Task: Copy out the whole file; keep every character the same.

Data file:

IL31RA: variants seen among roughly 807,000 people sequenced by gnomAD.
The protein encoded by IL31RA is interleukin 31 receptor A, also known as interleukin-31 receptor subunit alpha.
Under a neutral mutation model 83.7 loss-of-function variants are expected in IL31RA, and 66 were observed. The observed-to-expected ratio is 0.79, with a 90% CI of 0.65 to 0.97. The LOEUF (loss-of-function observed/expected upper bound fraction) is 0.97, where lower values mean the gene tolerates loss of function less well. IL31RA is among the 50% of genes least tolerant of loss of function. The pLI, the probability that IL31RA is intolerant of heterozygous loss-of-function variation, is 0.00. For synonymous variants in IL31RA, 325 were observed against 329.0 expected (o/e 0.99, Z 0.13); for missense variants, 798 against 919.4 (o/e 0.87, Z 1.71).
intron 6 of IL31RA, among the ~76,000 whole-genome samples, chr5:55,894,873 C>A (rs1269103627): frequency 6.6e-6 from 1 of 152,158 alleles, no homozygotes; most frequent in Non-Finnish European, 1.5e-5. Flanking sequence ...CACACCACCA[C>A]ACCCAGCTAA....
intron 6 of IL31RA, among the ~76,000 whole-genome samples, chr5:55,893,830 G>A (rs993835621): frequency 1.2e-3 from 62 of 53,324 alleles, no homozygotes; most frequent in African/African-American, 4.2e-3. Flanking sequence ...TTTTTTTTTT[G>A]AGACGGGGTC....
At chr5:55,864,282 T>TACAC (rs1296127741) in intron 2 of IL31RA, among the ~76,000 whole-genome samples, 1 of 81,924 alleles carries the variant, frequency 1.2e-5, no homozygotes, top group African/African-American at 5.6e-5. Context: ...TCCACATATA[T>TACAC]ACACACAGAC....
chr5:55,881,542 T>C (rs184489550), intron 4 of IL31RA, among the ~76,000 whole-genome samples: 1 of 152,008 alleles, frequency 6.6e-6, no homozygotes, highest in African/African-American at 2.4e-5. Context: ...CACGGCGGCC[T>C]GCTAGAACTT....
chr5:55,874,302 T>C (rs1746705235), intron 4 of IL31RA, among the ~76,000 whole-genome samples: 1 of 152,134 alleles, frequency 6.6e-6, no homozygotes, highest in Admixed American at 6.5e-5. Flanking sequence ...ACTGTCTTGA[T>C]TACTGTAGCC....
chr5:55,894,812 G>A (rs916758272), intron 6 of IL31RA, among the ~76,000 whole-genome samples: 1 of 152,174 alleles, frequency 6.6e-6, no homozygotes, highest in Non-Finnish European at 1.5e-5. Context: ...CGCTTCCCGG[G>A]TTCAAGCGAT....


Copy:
IL31RA: variants seen among roughly 807,000 people sequenced by gnomAD.
The protein encoded by IL31RA is interleukin 31 receptor A, also known as interleukin-31 receptor subunit alpha.
Under a neutral mutation model 83.7 loss-of-function variants are expected in IL31RA, and 66 were observed. The observed-to-expected ratio is 0.79, with a 90% CI of 0.65 to 0.97. The LOEUF (loss-of-function observed/expected upper bound fraction) is 0.97, where lower values mean the gene tolerates loss of function less well. IL31RA is among the 50% of genes least tolerant of loss of function. The pLI, the probability that IL31RA is intolerant of heterozygous loss-of-function variation, is 0.00. For synonymous variants in IL31RA, 325 were observed against 329.0 expected (o/e 0.99, Z 0.13); for missense variants, 798 against 919.4 (o/e 0.87, Z 1.71).
intron 6 of IL31RA, among the ~76,000 whole-genome samples, chr5:55,894,873 C>A (rs1269103627): frequency 6.6e-6 from 1 of 152,158 alleles, no homozygotes; most frequent in Non-Finnish European, 1.5e-5. Flanking sequence ...CACACCACCA[C>A]ACCCAGCTAA....
intron 6 of IL31RA, among the ~76,000 whole-genome samples, chr5:55,893,830 G>A (rs993835621): frequency 1.2e-3 from 62 of 53,324 alleles, no homozygotes; most frequent in African/African-American, 4.2e-3. Flanking sequence ...TTTTTTTTTT[G>A]AGACGGGGTC....
At chr5:55,864,282 T>TACAC (rs1296127741) in intron 2 of IL31RA, among the ~76,000 whole-genome samples, 1 of 81,924 alleles carries the variant, frequency 1.2e-5, no homozygotes, top group African/African-American at 5.6e-5. Context: ...TCCACATATA[T>TACAC]ACACACAGAC....
chr5:55,881,542 T>C (rs184489550), intron 4 of IL31RA, among the ~76,000 whole-genome samples: 1 of 152,008 alleles, frequency 6.6e-6, no homozygotes, highest in African/African-American at 2.4e-5. Context: ...CACGGCGGCC[T>C]GCTAGAACTT....
chr5:55,874,302 T>C (rs1746705235), intron 4 of IL31RA, among the ~76,000 whole-genome samples: 1 of 152,134 alleles, frequency 6.6e-6, no homozygotes, highest in Admixed American at 6.5e-5. Flanking sequence ...ACTGTCTTGA[T>C]TACTGTAGCC....
chr5:55,894,812 G>A (rs916758272), intron 6 of IL31RA, among the ~76,000 whole-genome samples: 1 of 152,174 alleles, frequency 6.6e-6, no homozygotes, highest in Non-Finnish European at 1.5e-5. Context: ...CGCTTCCCGG[G>A]TTCAAGCGAT....